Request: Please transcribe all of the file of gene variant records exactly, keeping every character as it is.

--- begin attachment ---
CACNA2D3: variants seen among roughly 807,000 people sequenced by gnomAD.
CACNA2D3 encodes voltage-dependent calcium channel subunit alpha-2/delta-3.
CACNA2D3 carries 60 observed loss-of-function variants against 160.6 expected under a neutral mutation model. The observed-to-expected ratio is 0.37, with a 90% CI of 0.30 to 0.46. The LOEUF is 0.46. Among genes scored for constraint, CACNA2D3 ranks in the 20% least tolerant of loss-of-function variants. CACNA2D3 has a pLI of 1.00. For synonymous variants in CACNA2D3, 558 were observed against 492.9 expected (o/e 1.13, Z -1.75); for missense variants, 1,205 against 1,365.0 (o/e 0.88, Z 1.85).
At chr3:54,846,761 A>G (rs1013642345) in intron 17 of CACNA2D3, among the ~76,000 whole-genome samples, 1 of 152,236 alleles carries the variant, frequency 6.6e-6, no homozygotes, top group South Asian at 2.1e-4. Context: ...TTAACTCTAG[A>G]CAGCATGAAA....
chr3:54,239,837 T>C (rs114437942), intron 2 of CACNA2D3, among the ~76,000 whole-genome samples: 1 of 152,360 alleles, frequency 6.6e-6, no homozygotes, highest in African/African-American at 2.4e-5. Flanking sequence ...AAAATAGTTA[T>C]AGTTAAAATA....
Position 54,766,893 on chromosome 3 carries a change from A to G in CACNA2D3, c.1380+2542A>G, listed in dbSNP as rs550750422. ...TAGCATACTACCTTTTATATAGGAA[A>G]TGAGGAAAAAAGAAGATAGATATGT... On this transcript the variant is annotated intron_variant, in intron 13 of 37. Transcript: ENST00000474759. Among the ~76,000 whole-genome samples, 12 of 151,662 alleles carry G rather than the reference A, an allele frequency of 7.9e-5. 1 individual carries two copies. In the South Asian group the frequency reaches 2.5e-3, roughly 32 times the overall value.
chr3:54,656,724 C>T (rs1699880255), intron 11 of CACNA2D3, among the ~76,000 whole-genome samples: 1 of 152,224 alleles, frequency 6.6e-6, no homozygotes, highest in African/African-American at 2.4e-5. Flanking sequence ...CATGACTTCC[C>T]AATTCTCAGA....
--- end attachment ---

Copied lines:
CACNA2D3: variants seen among roughly 807,000 people sequenced by gnomAD.
CACNA2D3 encodes voltage-dependent calcium channel subunit alpha-2/delta-3.
CACNA2D3 carries 60 observed loss-of-function variants against 160.6 expected under a neutral mutation model. The observed-to-expected ratio is 0.37, with a 90% CI of 0.30 to 0.46. The LOEUF is 0.46. Among genes scored for constraint, CACNA2D3 ranks in the 20% least tolerant of loss-of-function variants. CACNA2D3 has a pLI of 1.00. For synonymous variants in CACNA2D3, 558 were observed against 492.9 expected (o/e 1.13, Z -1.75); for missense variants, 1,205 against 1,365.0 (o/e 0.88, Z 1.85).
At chr3:54,846,761 A>G (rs1013642345) in intron 17 of CACNA2D3, among the ~76,000 whole-genome samples, 1 of 152,236 alleles carries the variant, frequency 6.6e-6, no homozygotes, top group South Asian at 2.1e-4. Context: ...TTAACTCTAG[A>G]CAGCATGAAA....
chr3:54,239,837 T>C (rs114437942), intron 2 of CACNA2D3, among the ~76,000 whole-genome samples: 1 of 152,360 alleles, frequency 6.6e-6, no homozygotes, highest in African/African-American at 2.4e-5. Flanking sequence ...AAAATAGTTA[T>C]AGTTAAAATA....
Position 54,766,893 on chromosome 3 carries a change from A to G in CACNA2D3, c.1380+2542A>G, listed in dbSNP as rs550750422. ...TAGCATACTACCTTTTATATAGGAA[A>G]TGAGGAAAAAAGAAGATAGATATGT... On this transcript the variant is annotated intron_variant, in intron 13 of 37. Transcript: ENST00000474759. Among the ~76,000 whole-genome samples, 12 of 151,662 alleles carry G rather than the reference A, an allele frequency of 7.9e-5. 1 individual carries two copies. In the South Asian group the frequency reaches 2.5e-3, roughly 32 times the overall value.
chr3:54,656,724 C>T (rs1699880255), intron 11 of CACNA2D3, among the ~76,000 whole-genome samples: 1 of 152,224 alleles, frequency 6.6e-6, no homozygotes, highest in African/African-American at 2.4e-5. Flanking sequence ...CATGACTTCC[C>T]AATTCTCAGA....